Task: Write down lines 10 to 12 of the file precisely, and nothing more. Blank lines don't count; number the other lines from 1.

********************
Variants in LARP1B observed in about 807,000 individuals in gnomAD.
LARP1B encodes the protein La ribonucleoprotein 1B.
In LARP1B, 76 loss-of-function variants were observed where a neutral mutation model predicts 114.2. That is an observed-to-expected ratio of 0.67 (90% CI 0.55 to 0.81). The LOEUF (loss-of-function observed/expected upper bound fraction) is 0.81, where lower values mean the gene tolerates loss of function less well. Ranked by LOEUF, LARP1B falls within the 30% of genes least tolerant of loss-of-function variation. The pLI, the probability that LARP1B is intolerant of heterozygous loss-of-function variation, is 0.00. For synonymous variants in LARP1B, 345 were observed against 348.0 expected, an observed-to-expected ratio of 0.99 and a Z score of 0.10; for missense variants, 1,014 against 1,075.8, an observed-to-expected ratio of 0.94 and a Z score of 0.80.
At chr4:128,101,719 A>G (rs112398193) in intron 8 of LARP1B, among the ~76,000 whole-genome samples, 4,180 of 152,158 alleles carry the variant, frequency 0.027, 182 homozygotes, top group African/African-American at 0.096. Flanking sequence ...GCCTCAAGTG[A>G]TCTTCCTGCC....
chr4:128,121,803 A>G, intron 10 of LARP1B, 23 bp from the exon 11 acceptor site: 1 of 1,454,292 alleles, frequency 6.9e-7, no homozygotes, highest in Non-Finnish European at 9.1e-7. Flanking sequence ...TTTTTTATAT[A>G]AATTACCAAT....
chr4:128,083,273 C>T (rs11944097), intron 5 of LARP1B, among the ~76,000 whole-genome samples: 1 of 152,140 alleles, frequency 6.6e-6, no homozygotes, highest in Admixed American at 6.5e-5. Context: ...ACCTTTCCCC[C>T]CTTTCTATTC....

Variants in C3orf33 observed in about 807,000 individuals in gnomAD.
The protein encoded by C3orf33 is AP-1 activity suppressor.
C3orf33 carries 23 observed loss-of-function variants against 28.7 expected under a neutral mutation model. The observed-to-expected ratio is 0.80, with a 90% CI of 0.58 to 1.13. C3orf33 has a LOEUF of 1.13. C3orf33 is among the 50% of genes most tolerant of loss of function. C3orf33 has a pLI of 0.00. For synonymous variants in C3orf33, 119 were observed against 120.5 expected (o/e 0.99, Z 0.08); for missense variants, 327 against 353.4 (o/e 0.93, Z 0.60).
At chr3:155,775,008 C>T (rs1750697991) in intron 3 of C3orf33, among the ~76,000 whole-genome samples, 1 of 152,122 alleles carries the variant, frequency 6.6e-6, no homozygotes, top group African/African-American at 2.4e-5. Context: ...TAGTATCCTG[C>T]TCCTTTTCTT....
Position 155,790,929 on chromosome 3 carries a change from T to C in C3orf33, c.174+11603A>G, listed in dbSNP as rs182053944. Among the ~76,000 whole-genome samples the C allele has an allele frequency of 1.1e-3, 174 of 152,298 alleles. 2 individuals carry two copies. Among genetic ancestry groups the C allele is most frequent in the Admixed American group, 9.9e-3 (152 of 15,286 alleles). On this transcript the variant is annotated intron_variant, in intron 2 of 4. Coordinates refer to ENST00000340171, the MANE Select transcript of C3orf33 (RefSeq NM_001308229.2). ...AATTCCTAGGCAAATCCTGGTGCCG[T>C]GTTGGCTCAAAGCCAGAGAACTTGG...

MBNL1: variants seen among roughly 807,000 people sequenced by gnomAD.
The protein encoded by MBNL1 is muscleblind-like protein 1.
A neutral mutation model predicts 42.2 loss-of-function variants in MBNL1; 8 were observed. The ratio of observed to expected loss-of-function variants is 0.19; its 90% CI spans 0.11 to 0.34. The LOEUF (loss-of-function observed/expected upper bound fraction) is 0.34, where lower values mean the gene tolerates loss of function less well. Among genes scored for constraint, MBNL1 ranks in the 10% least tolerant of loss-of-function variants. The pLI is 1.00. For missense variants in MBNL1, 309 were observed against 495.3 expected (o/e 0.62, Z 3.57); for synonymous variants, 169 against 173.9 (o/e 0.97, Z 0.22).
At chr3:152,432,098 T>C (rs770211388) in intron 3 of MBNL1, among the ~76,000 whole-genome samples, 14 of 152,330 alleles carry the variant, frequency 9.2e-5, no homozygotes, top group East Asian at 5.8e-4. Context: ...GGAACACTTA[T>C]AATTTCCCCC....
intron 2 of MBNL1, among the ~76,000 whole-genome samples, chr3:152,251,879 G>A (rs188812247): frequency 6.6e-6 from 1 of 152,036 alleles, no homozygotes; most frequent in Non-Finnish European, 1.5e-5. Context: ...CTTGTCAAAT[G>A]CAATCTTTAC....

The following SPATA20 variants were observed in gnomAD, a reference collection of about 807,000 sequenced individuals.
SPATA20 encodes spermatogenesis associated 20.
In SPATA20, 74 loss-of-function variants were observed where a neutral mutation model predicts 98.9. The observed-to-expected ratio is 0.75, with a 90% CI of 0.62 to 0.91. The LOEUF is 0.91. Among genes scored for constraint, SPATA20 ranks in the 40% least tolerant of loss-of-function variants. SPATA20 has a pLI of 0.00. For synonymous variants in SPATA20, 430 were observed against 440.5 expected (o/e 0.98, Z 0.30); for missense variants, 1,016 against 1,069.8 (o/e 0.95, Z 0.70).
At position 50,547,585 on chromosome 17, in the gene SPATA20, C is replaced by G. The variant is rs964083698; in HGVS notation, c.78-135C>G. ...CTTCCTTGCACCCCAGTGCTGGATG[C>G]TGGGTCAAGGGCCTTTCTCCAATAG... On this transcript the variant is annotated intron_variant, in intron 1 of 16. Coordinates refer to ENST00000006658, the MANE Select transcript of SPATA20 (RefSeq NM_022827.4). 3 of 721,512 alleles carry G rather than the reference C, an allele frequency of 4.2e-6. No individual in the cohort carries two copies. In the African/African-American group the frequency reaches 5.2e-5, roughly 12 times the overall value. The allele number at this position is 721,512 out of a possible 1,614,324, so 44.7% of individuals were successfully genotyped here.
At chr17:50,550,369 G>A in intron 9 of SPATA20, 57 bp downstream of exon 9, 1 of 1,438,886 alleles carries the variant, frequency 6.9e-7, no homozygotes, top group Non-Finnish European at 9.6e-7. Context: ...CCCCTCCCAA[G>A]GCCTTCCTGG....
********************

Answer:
At chr3:155,775,008 C>T (rs1750697991) in intron 3 of C3orf33, among the ~76,000 whole-genome samples, 1 of 152,122 alleles carries the variant, frequency 6.6e-6, no homozygotes, top group African/African-American at 2.4e-5. Context: ...TAGTATCCTG[C>T]TCCTTTTCTT....
Position 155,790,929 on chromosome 3 carries a change from T to C in C3orf33, c.174+11603A>G, listed in dbSNP as rs182053944. Among the ~76,000 whole-genome samples the C allele has an allele frequency of 1.1e-3, 174 of 152,298 alleles. 2 individuals carry two copies. Among genetic ancestry groups the C allele is most frequent in the Admixed American group, 9.9e-3 (152 of 15,286 alleles). On this transcript the variant is annotated intron_variant, in intron 2 of 4. Coordinates refer to ENST00000340171, the MANE Select transcript of C3orf33 (RefSeq NM_001308229.2). ...AATTCCTAGGCAAATCCTGGTGCCG[T>C]GTTGGCTCAAAGCCAGAGAACTTGG...

MBNL1: variants seen among roughly 807,000 people sequenced by gnomAD.